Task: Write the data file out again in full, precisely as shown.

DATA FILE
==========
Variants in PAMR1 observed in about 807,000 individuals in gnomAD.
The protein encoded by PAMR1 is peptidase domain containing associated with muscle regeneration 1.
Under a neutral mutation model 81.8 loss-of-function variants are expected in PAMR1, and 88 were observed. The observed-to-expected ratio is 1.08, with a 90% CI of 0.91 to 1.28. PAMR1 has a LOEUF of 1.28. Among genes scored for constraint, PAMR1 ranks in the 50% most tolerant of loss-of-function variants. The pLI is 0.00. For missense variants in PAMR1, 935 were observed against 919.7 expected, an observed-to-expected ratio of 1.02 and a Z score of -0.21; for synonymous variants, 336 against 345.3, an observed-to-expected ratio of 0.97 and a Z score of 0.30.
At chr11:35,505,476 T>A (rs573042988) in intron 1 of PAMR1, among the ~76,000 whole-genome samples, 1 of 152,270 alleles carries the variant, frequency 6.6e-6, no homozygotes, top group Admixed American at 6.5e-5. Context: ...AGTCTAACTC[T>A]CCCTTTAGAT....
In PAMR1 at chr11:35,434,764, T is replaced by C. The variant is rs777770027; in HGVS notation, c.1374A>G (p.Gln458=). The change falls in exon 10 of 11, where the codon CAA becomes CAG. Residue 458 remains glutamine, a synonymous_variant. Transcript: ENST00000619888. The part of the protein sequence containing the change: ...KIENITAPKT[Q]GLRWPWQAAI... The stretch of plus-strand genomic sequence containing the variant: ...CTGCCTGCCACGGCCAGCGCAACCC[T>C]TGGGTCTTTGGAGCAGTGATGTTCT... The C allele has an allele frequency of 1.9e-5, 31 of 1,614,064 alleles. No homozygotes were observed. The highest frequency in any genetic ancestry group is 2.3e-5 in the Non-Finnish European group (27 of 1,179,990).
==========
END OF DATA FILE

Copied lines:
Variants in PAMR1 observed in about 807,000 individuals in gnomAD.
The protein encoded by PAMR1 is peptidase domain containing associated with muscle regeneration 1.
Under a neutral mutation model 81.8 loss-of-function variants are expected in PAMR1, and 88 were observed. The observed-to-expected ratio is 1.08, with a 90% CI of 0.91 to 1.28. PAMR1 has a LOEUF of 1.28. Among genes scored for constraint, PAMR1 ranks in the 50% most tolerant of loss-of-function variants. The pLI is 0.00. For missense variants in PAMR1, 935 were observed against 919.7 expected, an observed-to-expected ratio of 1.02 and a Z score of -0.21; for synonymous variants, 336 against 345.3, an observed-to-expected ratio of 0.97 and a Z score of 0.30.
At chr11:35,505,476 T>A (rs573042988) in intron 1 of PAMR1, among the ~76,000 whole-genome samples, 1 of 152,270 alleles carries the variant, frequency 6.6e-6, no homozygotes, top group Admixed American at 6.5e-5. Context: ...AGTCTAACTC[T>A]CCCTTTAGAT....
In PAMR1 at chr11:35,434,764, T is replaced by C. The variant is rs777770027; in HGVS notation, c.1374A>G (p.Gln458=). The change falls in exon 10 of 11, where the codon CAA becomes CAG. Residue 458 remains glutamine, a synonymous_variant. Transcript: ENST00000619888. The part of the protein sequence containing the change: ...KIENITAPKT[Q]GLRWPWQAAI... The stretch of plus-strand genomic sequence containing the variant: ...CTGCCTGCCACGGCCAGCGCAACCC[T>C]TGGGTCTTTGGAGCAGTGATGTTCT... The C allele has an allele frequency of 1.9e-5, 31 of 1,614,064 alleles. No homozygotes were observed. The highest frequency in any genetic ancestry group is 2.3e-5 in the Non-Finnish European group (27 of 1,179,990).